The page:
Old Wardour Castle

Things To See and Do

Entrance to the Castle

Begin your day out at our award-winning admissions building, designed to blend in with the castle’s picturesque setting. The newly-opened building is environmentally friendly, with a living grass roof. Inside you’ll find our ticket office, accessible toilets, and a selection of gifts and souvenirs.

Why not try our family game 'Can you Keep Your Castle?', helping young explorers learn more about the castle’s history.

Landscape view of Old Wardour

Pick up the audio guide

Take our free audio tour and hear the history of the castle brought to life. Don't miss the story of Lady Blanche Arundell, who courageously defended her home from a week-long siege - with just 25 men and her maidservants! The second siege later that year saw the castle battered into submission. The grounds were then transformed into a pleasure garden and romantic ruin.

The Great Hall

Explore the Great Hall

The Great Hall would have been one of the most elaborate rooms in the castle. Lord Lovell would receive and impress guests here, along with the Great Parlour, where the household would have played cards, embroidered and gossiped.

Above the stairs to the hall, you can see the swirling foliage in the ceiling and to the side, the four great windows framed by slender columns and carvings.

Find out more about the history of the castle.

The East Tower

The East Tower

Climb the atmospheric stone steps of the east tower and discover stunning panoramic views.

See the remains of the fireplace and latrines as you climb. When you reach the top room, your view is extended to the sky.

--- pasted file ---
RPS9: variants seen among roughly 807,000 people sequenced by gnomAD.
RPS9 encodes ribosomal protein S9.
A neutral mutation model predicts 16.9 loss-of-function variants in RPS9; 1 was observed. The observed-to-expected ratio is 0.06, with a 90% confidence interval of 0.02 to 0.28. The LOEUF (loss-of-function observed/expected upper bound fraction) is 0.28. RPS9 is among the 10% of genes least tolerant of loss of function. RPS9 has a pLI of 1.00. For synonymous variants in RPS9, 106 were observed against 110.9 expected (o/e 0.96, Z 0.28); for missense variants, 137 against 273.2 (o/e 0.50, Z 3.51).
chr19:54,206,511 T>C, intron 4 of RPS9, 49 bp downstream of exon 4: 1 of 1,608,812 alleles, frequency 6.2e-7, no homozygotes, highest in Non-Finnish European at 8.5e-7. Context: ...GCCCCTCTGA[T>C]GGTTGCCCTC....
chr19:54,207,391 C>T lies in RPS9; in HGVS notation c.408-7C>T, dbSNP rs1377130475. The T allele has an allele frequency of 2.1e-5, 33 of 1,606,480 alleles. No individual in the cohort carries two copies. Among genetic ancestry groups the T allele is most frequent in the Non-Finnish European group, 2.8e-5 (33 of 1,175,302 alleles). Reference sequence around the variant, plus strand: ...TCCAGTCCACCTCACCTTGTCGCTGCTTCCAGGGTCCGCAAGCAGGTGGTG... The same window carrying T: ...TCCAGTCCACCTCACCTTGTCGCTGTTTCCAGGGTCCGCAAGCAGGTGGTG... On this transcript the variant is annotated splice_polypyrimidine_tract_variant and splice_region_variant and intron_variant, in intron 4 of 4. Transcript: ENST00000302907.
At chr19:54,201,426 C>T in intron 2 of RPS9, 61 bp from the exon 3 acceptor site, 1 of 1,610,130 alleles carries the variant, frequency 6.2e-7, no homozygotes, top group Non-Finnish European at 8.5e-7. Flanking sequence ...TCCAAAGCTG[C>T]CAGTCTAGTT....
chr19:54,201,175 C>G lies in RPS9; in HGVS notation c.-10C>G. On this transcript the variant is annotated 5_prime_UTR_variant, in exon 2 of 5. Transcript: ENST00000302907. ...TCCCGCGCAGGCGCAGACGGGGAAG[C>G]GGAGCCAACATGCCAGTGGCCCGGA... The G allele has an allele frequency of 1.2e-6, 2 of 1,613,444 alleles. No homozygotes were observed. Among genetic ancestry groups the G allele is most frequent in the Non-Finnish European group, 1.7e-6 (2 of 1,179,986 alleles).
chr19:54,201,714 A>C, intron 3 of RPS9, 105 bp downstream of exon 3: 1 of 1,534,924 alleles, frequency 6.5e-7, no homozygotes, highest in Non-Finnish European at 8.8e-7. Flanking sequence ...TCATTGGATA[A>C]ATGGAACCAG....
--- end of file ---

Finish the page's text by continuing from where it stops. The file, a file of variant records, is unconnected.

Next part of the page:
Look out across the castle's grassy lawns and lake, or admire the open countryside and woodland beyond.

Stonework at Old Wardour

Features in Stone

As you walk around the castle ruins, you'll find many interesting features in the stonework. One of these is a bust of Christ above the entrance, which would have shone in the sunlight.

In the wine cellar, see stone arches (or vaulting) around the walls, or find the chimney and fireplaces. Can you spot the plinths decorated with lions' heads?

Siege at Old Wardour

The Lovells and Arundells

Originally built by Lord John Lovell in medieval times, the castle passed through generations of this important family. It was then forfeited to King Henry VI and held by the Crown until 1461.

Old Wardour was later acquired by the Arundell family, who modernised and renovated. Adornments included the gilded bust of Jesus, a rather daring ornament in the Protestant reign of Elizabeth I (when religious imagery was inherently suspicious). The castle survived two sieges before abandonment, when New Wardour Castle was built nearby.

The Banqueting House

The Banqueting House

The charming little building overlooking the lake with Gothic battlements is thought to have been a place for refreshments for visitors to the castle in the 18th and 19th centuries. When not being used for wedding ceremonies, it can be visited and you can see the beautiful stained glass windows and a small exhibition on the history of the gardens. It's also a great place to enjoy views out over the lake and beyond.

Fireplace at Old Wardour

Picnic in the grounds

Surrounded by landscaped grounds and age-old trees, Old Wardour is a tranquil location for picnics and perfect for young adventurers to explore.

Little legs can run wild in green open spaces, and families love to explore the nearby grotto - like something from a fairy tale.